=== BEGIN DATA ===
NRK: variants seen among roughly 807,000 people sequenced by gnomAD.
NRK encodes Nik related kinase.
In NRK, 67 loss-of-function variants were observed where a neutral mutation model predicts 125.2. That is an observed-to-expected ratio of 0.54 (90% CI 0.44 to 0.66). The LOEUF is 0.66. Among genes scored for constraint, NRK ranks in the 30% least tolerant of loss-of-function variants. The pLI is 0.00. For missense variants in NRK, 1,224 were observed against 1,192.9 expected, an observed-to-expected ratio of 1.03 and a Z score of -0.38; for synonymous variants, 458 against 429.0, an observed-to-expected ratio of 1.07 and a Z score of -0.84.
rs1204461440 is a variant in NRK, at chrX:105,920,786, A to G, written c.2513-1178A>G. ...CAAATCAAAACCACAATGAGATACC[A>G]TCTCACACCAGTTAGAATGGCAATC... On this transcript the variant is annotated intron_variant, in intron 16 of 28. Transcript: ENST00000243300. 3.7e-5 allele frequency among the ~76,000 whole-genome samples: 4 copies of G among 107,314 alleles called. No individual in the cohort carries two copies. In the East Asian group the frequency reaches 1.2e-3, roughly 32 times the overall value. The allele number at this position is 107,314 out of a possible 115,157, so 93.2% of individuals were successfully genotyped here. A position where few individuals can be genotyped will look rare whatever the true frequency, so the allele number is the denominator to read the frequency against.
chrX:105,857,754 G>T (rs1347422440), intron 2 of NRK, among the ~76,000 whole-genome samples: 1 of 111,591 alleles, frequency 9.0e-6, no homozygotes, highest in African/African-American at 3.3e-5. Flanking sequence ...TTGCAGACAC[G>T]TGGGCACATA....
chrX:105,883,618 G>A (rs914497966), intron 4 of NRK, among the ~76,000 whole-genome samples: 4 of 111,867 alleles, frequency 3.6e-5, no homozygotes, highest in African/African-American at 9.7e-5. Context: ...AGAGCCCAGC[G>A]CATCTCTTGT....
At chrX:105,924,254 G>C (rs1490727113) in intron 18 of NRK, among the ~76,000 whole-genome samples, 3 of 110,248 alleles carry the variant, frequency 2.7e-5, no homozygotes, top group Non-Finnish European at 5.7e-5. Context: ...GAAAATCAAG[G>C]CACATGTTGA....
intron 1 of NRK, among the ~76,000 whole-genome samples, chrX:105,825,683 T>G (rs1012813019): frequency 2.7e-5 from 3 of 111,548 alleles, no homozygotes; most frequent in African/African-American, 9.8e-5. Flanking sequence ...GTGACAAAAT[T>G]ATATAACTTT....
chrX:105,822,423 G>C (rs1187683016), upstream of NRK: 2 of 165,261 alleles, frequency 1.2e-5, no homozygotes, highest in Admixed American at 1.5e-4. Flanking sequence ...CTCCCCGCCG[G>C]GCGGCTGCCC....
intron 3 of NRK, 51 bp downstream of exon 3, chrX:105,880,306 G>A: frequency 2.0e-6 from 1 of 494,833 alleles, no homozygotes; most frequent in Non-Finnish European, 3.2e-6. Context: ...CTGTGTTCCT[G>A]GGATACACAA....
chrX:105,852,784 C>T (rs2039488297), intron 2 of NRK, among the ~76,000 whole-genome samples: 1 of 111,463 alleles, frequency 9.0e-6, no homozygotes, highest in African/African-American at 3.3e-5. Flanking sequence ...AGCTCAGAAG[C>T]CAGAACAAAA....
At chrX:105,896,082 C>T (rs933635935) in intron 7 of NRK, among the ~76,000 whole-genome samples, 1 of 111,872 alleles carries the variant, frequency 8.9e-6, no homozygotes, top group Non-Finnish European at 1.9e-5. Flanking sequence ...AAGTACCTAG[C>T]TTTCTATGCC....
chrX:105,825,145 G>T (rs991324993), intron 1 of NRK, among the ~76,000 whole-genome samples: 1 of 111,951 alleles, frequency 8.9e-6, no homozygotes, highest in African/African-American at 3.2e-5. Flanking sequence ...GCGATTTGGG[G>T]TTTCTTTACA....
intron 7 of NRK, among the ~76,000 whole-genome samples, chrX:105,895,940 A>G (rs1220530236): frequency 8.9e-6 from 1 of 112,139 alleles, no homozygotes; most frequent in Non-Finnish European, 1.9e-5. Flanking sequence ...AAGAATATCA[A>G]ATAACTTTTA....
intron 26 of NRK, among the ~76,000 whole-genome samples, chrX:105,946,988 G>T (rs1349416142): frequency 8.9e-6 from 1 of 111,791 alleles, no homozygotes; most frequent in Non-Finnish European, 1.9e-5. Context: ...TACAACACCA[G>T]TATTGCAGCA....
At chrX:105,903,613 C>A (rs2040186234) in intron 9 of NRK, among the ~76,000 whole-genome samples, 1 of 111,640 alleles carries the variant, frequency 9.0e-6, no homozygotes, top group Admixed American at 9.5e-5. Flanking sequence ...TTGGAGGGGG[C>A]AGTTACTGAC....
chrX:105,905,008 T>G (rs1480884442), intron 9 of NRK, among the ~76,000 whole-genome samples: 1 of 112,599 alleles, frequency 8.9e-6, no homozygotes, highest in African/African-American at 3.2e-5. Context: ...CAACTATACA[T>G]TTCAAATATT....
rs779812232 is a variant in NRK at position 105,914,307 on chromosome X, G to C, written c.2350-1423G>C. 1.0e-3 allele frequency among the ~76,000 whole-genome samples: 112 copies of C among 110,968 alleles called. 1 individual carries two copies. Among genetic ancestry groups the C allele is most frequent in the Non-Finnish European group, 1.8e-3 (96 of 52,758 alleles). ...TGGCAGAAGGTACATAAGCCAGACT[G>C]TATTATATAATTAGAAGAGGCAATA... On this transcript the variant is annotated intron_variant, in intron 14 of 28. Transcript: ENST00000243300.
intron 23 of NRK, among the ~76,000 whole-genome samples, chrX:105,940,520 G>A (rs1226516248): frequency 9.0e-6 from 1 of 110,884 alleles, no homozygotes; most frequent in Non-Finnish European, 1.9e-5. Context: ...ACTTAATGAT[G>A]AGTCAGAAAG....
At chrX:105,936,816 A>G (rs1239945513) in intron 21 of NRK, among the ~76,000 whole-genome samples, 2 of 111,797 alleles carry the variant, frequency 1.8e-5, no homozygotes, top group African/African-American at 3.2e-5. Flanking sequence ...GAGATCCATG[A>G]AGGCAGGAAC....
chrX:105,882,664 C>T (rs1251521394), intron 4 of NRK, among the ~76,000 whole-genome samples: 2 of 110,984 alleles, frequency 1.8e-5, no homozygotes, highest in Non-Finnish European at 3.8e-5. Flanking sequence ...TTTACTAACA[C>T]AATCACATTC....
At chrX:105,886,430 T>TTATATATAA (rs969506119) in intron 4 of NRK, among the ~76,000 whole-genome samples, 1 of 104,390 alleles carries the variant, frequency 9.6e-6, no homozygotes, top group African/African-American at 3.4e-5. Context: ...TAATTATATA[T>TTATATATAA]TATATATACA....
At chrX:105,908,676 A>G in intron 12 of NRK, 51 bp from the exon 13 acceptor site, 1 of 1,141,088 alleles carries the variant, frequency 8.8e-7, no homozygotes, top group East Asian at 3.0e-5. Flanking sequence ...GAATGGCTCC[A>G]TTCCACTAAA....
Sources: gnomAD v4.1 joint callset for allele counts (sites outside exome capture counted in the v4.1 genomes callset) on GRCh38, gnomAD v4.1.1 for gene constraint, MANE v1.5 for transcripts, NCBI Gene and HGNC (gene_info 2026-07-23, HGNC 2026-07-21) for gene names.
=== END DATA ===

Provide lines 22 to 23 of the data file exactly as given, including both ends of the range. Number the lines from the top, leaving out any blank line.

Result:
At chrX:105,886,430 T>TTATATATAA (rs969506119) in intron 4 of NRK, among the ~76,000 whole-genome samples, 1 of 104,390 alleles carries the variant, frequency 9.6e-6, no homozygotes, top group African/African-American at 3.4e-5. Context: ...TAATTATATA[T>TTATATATAA]TATATATACA....
At chrX:105,908,676 A>G in intron 12 of NRK, 51 bp from the exon 13 acceptor site, 1 of 1,141,088 alleles carries the variant, frequency 8.8e-7, no homozygotes, top group East Asian at 3.0e-5. Flanking sequence ...GAATGGCTCC[A>G]TTCCACTAAA....